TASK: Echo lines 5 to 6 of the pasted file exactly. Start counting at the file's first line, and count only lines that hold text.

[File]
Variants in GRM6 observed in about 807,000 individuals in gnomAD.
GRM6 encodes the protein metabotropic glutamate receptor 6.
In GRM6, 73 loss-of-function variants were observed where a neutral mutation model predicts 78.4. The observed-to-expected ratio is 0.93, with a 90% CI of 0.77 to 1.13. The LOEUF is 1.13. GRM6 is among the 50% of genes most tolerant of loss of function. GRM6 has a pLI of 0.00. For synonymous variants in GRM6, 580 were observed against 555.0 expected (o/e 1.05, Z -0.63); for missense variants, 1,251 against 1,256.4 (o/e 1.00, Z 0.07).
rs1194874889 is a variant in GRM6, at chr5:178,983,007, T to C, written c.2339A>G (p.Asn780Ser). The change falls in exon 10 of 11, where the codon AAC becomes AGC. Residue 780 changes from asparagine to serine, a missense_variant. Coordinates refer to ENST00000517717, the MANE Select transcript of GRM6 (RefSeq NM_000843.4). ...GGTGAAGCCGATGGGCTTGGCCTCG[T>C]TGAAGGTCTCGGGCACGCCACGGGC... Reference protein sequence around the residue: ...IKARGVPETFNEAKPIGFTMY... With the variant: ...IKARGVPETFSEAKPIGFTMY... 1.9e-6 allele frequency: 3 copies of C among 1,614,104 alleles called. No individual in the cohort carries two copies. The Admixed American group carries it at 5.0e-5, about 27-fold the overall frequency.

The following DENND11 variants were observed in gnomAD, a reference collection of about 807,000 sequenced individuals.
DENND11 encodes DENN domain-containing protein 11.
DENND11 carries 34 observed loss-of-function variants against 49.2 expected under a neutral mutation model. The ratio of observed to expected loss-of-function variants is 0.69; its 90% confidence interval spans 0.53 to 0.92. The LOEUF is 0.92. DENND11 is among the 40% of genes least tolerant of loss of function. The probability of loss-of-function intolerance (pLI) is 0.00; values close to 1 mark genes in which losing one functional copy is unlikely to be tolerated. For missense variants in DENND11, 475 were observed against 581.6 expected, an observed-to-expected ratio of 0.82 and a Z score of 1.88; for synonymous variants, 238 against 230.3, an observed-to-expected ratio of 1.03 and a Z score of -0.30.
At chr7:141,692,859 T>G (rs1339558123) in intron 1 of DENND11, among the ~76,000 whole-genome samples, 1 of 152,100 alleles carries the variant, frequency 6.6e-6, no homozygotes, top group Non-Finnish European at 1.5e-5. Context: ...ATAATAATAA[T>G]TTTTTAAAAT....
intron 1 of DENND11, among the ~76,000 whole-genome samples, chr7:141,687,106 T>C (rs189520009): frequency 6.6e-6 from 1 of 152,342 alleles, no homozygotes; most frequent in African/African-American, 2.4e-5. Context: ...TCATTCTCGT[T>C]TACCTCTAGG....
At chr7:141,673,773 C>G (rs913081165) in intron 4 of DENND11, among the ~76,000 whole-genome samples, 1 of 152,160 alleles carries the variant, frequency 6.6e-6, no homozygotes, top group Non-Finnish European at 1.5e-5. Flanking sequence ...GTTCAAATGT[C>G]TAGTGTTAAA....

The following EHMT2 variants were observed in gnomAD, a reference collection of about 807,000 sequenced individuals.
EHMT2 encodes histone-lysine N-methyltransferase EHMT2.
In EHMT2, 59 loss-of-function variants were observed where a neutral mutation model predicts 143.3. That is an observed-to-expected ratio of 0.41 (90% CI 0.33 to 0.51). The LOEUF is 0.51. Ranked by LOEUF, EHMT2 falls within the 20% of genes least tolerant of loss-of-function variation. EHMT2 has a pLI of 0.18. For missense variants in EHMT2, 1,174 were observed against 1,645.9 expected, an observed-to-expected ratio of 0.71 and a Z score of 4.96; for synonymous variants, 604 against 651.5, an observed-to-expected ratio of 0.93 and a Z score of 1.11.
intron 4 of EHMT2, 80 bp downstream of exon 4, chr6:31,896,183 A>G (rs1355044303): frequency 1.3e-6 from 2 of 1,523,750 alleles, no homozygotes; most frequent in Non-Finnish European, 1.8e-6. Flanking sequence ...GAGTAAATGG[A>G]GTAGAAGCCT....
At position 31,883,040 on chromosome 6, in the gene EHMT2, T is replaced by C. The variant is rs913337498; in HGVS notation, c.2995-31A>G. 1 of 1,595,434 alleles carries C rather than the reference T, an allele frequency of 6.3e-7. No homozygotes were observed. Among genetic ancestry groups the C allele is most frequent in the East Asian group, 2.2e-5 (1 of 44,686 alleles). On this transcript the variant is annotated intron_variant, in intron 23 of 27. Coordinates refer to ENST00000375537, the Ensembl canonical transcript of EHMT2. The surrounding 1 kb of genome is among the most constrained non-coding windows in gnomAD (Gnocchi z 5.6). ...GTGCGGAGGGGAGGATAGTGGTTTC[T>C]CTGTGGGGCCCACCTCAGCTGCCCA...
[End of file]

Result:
The following DENND11 variants were observed in gnomAD, a reference collection of about 807,000 sequenced individuals.
DENND11 encodes DENN domain-containing protein 11.